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July 9, 2010 at 12:00 am #62721lamar5292Participant
If you are like me and do not like to spend a lot of money or don’t have much money to spend then you might be interested in my solar cabin for off-grid living.
The cabin is 14×14 with a full loft and just under 400 sqft of living space. It has a living area, kitchen, dining area, and bathroom downstairs. Upstairs is the Bedroom and office.
I built the cabin for under $2000 from all new materials excluding doors and windows which were free salvage.
My power system was put together over time and total is under $3000. I have 480 watts solar and 125 watt wind turbine which powers two tvs, laptop, water pump, lights, and small appliances and gadgets.
Fridge, stove, furnace and OD water heater are propane and fuel cost is about $200 a year and we have cold winters in Utah. A woodstove would reduce that expense.
I drilled my own water well but before that I hauled water in. I use a solar composting toilet of my own design.
All of my appliances were salvaged from an old camp trailer I had been living in and I also salvaged the lights, water pump, sinks, cabinets, and lots of hardware from the trailer so my cost to furnish the cabin was almost nothing.
I have no house payments and no utility bills except for the small amount or propane I use.
I have lots of videos on youtube showing my cabin and system for anyone interested in a cheap solar cabin homestead:
LaMarJuly 11, 2010 at 12:00 am #64562
LaMar how do you keep the composting toilet going in cold weather? I asked the local health inspector and he said these were not approved because they stopped working in cold climates. Evidently you know a trick or two not known to the local health department. We do see – 30 tempratures for weeks on end.July 13, 2010 at 12:00 am #64563KathleenParticipant
LaMar, it sounds great. I can’t view videos or I would definitely go see your’s. I have heard about them before from one of my friends.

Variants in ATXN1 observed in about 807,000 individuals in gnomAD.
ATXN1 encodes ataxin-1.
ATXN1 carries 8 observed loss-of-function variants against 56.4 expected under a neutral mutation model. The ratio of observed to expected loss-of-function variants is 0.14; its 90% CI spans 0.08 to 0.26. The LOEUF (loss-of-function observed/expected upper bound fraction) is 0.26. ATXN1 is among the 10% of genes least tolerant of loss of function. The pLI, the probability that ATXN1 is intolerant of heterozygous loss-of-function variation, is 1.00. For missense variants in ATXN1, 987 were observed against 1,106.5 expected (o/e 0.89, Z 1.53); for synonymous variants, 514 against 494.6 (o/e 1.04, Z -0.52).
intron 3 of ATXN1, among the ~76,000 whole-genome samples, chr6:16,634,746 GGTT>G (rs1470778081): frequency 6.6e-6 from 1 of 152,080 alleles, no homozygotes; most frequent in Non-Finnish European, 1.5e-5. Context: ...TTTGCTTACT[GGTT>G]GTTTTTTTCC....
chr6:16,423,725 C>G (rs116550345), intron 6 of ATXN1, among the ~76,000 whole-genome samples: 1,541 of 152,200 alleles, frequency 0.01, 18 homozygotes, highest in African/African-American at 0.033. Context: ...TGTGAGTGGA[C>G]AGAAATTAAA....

elnav, we have always used a composting toilet, even in cold weather. In the beginning we used a SunMar composter and then switched to a sawdust one my husband built. And we are still using that. As for the local health dept., in NY we are “grandfathered in” due to also having an outhouse that was all this house had when we moved here 11 years ago. As long as we keep it then it gives us the option of doing what we want in our own house. Though we are planning on putting in a flush toilet in the future when we get the running water inside.July 14, 2010 at 12:00 am #64564
Someone on another thread specifically asked about new installations of composters in BC which is why I asked the health inspector. Grandfathering may be an option where an existing dwelling is located. I’m familiar with NY weather having lived there for about 25 years. This place gets colder for longer being at latitude 54 not 44.
For occasional week-end use it might work but for full time use by a family some heat is needed to keep the bacterial activity going during prolonged cold weather. Other wise you end up with a thawing dung heap come spring. Why invite even more flies during fly season?July 20, 2010 at 12:00 am #64572lamar5292Participant
The microbes that decompose waste work best in Temps above 50 degrees and if your composter gets below that temp the microbes hibernate.
The commercial composters use a heater or have the tank inside the house to keep that from happening.
A sawdust compost pile can be used because the center of the pile stays warmer but still may freeze in cold winters.
I use a solar composter of my own design that is basically a small insulated greenhouse over my compost pit that will keep the compost warm even in winter.
The key is to not add excess moisture to the compost or it will freeze and harm the bacteria.
Some people use a separate bucket for urine and some commercial composters have seperate tanks or use fans to dry the waste.July 20, 2010 at 12:00 am #64574
Thanks Lamar. Up here it gets so cold even insulated green houses freeze but you have given me an idea. Solar heat collectors of the evacuated glass tube type can deliver heat even if the weather is well below freezing. Seperating out liquids to prevent freezing is also a good idea. Somehow I had assumed moisture was needed to maintain the microbial decomposition. Up here we need styrofoam seats in the outhouses. < smile>July 23, 2010 at 12:00 am #64579KathleenParticipant
I meant to say that our toilet is in our bathroom which is in the house. The heating woodstove is right outside the door so it never gets cold in there. We basically use composted compost instead of sawdust, works much better.
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